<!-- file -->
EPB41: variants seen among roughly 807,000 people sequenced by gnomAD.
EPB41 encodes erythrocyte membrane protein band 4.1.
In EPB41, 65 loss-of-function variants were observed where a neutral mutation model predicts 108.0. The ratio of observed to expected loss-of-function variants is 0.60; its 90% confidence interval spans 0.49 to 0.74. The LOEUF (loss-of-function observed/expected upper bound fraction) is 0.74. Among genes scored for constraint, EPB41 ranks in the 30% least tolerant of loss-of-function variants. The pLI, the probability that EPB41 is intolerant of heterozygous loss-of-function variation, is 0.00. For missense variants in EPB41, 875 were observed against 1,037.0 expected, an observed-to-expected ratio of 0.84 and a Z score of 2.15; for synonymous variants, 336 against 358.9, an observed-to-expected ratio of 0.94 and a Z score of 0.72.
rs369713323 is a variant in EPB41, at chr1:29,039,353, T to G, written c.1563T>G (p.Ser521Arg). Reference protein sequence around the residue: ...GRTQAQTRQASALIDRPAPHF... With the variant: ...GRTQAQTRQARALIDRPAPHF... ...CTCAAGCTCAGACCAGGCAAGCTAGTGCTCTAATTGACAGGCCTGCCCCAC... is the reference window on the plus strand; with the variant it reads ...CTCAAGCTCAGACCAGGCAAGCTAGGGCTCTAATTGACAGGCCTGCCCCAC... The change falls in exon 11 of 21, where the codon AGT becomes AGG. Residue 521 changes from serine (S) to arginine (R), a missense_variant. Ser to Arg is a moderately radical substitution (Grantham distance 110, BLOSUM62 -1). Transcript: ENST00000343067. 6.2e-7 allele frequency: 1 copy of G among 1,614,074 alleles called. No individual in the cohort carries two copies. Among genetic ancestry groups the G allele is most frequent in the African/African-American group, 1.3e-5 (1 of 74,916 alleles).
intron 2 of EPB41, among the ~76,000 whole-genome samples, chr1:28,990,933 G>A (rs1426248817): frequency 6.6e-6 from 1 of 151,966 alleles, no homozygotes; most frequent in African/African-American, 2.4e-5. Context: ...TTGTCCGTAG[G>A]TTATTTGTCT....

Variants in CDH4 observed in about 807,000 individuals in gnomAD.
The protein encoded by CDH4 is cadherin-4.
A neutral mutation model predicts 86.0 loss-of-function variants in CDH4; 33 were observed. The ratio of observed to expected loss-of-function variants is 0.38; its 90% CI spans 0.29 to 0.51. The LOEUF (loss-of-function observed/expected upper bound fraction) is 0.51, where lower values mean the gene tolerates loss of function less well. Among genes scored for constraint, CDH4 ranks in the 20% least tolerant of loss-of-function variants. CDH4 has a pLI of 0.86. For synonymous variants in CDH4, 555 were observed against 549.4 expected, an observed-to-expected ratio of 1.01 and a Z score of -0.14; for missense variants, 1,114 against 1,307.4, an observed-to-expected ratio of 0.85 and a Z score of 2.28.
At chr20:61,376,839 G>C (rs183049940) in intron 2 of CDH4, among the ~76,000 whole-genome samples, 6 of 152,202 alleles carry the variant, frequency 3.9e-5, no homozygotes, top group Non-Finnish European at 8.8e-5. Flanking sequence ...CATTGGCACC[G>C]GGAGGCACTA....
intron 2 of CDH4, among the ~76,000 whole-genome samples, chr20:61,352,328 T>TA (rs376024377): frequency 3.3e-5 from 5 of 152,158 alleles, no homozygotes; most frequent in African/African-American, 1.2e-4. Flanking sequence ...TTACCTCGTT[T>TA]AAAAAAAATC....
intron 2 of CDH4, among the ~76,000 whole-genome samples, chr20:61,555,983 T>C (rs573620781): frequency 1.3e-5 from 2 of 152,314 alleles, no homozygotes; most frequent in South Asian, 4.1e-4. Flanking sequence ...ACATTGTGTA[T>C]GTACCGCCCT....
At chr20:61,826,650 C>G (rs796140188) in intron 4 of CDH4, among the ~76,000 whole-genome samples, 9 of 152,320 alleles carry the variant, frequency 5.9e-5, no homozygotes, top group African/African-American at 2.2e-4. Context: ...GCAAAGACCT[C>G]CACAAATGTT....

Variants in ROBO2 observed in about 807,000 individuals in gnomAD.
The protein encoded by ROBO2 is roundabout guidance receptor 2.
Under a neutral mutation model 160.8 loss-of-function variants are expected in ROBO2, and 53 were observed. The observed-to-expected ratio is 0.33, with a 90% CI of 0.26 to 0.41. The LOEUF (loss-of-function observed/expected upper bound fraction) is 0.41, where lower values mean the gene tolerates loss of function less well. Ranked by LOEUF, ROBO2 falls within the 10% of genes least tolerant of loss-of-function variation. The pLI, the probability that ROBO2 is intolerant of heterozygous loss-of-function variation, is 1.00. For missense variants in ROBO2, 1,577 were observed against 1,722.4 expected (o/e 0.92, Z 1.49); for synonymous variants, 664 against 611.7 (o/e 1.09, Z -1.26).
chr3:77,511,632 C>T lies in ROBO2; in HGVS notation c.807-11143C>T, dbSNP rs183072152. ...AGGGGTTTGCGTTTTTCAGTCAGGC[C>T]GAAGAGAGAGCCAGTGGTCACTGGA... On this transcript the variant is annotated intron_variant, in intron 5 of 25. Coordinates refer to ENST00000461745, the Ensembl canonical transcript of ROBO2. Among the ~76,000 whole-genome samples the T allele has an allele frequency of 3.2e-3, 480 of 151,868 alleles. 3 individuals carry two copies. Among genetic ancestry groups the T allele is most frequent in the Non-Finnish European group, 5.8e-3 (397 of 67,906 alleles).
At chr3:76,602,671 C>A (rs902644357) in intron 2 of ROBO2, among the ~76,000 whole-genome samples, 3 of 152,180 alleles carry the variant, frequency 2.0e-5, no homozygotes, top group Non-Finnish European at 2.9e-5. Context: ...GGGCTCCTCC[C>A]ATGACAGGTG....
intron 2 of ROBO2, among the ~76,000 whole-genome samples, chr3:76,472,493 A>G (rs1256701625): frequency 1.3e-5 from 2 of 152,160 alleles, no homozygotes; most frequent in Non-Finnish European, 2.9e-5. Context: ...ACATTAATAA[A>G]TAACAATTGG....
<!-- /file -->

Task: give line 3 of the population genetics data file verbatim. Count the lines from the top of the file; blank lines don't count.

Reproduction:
In EPB41, 65 loss-of-function variants were observed where a neutral mutation model predicts 108.0. The ratio of observed to expected loss-of-function variants is 0.60; its 90% confidence interval spans 0.49 to 0.74. The LOEUF (loss-of-function observed/expected upper bound fraction) is 0.74. Among genes scored for constraint, EPB41 ranks in the 30% least tolerant of loss-of-function variants. The pLI, the probability that EPB41 is intolerant of heterozygous loss-of-function variation, is 0.00. For missense variants in EPB41, 875 were observed against 1,037.0 expected, an observed-to-expected ratio of 0.84 and a Z score of 2.15; for synonymous variants, 336 against 358.9, an observed-to-expected ratio of 0.94 and a Z score of 0.72.